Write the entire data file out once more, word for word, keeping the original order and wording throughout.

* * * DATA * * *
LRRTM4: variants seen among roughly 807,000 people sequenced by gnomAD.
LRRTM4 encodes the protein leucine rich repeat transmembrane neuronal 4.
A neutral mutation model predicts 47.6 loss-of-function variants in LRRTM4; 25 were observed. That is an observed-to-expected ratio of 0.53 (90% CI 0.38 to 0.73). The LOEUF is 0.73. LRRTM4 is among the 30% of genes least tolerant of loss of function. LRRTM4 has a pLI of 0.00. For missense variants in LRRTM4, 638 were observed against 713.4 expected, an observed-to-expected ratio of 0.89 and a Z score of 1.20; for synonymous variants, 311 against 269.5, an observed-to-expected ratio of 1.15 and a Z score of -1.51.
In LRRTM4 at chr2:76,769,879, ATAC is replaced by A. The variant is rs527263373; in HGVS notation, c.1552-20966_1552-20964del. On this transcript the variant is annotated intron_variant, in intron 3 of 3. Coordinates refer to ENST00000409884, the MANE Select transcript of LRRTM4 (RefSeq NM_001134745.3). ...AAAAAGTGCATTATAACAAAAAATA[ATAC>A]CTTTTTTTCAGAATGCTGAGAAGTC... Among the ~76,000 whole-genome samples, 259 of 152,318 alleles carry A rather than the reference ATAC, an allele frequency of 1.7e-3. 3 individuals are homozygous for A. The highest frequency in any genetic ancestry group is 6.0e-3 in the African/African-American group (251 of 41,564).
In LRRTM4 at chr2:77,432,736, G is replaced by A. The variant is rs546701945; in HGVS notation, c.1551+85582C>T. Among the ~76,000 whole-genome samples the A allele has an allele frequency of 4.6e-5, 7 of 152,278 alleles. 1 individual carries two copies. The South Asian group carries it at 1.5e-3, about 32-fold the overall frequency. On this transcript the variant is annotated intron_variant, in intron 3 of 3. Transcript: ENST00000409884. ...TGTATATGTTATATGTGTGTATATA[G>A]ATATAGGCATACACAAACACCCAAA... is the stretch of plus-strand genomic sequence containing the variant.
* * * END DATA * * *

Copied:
LRRTM4: variants seen among roughly 807,000 people sequenced by gnomAD.
LRRTM4 encodes the protein leucine rich repeat transmembrane neuronal 4.
A neutral mutation model predicts 47.6 loss-of-function variants in LRRTM4; 25 were observed. That is an observed-to-expected ratio of 0.53 (90% CI 0.38 to 0.73). The LOEUF is 0.73. LRRTM4 is among the 30% of genes least tolerant of loss of function. LRRTM4 has a pLI of 0.00. For missense variants in LRRTM4, 638 were observed against 713.4 expected, an observed-to-expected ratio of 0.89 and a Z score of 1.20; for synonymous variants, 311 against 269.5, an observed-to-expected ratio of 1.15 and a Z score of -1.51.
In LRRTM4 at chr2:76,769,879, ATAC is replaced by A. The variant is rs527263373; in HGVS notation, c.1552-20966_1552-20964del. On this transcript the variant is annotated intron_variant, in intron 3 of 3. Coordinates refer to ENST00000409884, the MANE Select transcript of LRRTM4 (RefSeq NM_001134745.3). ...AAAAAGTGCATTATAACAAAAAATA[ATAC>A]CTTTTTTTCAGAATGCTGAGAAGTC... Among the ~76,000 whole-genome samples, 259 of 152,318 alleles carry A rather than the reference ATAC, an allele frequency of 1.7e-3. 3 individuals are homozygous for A. The highest frequency in any genetic ancestry group is 6.0e-3 in the African/African-American group (251 of 41,564).
In LRRTM4 at chr2:77,432,736, G is replaced by A. The variant is rs546701945; in HGVS notation, c.1551+85582C>T. Among the ~76,000 whole-genome samples the A allele has an allele frequency of 4.6e-5, 7 of 152,278 alleles. 1 individual carries two copies. The South Asian group carries it at 1.5e-3, about 32-fold the overall frequency. On this transcript the variant is annotated intron_variant, in intron 3 of 3. Transcript: ENST00000409884. ...TGTATATGTTATATGTGTGTATATA[G>A]ATATAGGCATACACAAACACCCAAA... is the stretch of plus-strand genomic sequence containing the variant.